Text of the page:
1. End of the lease term. This kind of eviction applies to tenants who stay on the property past their lease’s end date. If the rent is paid on a month-to-month basis, then the landlord must provide the tenant with a 15-day notice to quit. If the tenancy is at will, the notice is 5 days. 
  2. Subletting in violation of the lease. If the lease does not allow a tenant to sublet the rental unit, and they do so anyways, then the landlord may serve them with a 3-day written eviction notice to correct the issue or face eviction.
  3. Committing waste. If a tenant commits waste on the rental property, a landlord must give them 3 days before continuing the eviction process.
  4. Illegal activity. Tenants who are involved in illegal activity will be given a 3-days-notice to vacate the property before the landlord continues the eviction process.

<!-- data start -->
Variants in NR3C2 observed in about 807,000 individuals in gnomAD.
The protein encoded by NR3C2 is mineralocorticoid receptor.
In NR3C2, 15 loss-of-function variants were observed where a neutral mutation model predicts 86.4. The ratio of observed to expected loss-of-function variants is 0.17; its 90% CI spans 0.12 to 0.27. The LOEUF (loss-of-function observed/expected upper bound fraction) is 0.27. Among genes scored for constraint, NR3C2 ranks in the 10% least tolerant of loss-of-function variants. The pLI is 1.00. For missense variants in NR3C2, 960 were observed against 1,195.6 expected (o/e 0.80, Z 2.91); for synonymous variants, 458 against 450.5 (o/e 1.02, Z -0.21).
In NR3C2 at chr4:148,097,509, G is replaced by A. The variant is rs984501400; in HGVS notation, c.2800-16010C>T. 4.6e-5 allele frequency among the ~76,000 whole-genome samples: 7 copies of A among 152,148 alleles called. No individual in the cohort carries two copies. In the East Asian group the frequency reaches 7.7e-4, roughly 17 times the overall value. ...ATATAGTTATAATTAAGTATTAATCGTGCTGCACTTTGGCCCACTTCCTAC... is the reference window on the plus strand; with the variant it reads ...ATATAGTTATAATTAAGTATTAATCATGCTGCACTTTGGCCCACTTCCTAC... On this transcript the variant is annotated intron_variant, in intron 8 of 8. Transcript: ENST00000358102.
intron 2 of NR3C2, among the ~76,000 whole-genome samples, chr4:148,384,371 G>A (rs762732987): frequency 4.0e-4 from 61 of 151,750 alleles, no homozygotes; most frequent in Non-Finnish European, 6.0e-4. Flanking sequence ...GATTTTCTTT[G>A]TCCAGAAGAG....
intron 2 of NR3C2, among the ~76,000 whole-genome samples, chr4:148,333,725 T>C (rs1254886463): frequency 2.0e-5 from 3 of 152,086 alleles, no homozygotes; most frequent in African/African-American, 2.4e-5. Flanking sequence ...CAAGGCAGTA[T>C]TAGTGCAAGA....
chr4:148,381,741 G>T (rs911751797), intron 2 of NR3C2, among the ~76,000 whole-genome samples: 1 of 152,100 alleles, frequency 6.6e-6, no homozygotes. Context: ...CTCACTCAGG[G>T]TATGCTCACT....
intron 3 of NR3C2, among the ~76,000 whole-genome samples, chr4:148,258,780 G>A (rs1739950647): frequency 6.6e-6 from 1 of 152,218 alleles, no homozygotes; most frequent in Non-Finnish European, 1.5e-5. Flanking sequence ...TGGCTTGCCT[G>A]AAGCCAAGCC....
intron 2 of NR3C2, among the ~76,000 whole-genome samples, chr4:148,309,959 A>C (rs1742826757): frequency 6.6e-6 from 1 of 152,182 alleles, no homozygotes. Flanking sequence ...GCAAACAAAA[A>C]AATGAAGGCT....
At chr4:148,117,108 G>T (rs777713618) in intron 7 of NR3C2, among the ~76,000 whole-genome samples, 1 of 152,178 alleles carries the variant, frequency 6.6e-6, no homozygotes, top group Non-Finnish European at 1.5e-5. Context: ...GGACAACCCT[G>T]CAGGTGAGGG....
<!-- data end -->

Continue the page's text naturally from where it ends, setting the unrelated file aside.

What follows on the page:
Serving the Complaint to the Tenant in Utah

When it comes to proceeding with the eviction process, landlords in Utah have two options.

They can first file the complaint with the court, then serve the summons and complaint to the tenant within 120 days. Or if they prefer, they can serve the tenant with the complaint first, as long as they file the complaint with the court within 10 days.

The notice and complaint can be served by a sheriff, constable, U.S. Marshall, or anyone who is not involved with the case and is over 18 without a criminal record. The complaint can be served one of three ways:

  1. Providing a copy to the tenant in person
  2. Leaving a copy with someone who lives with the tenant and is of “suitable” age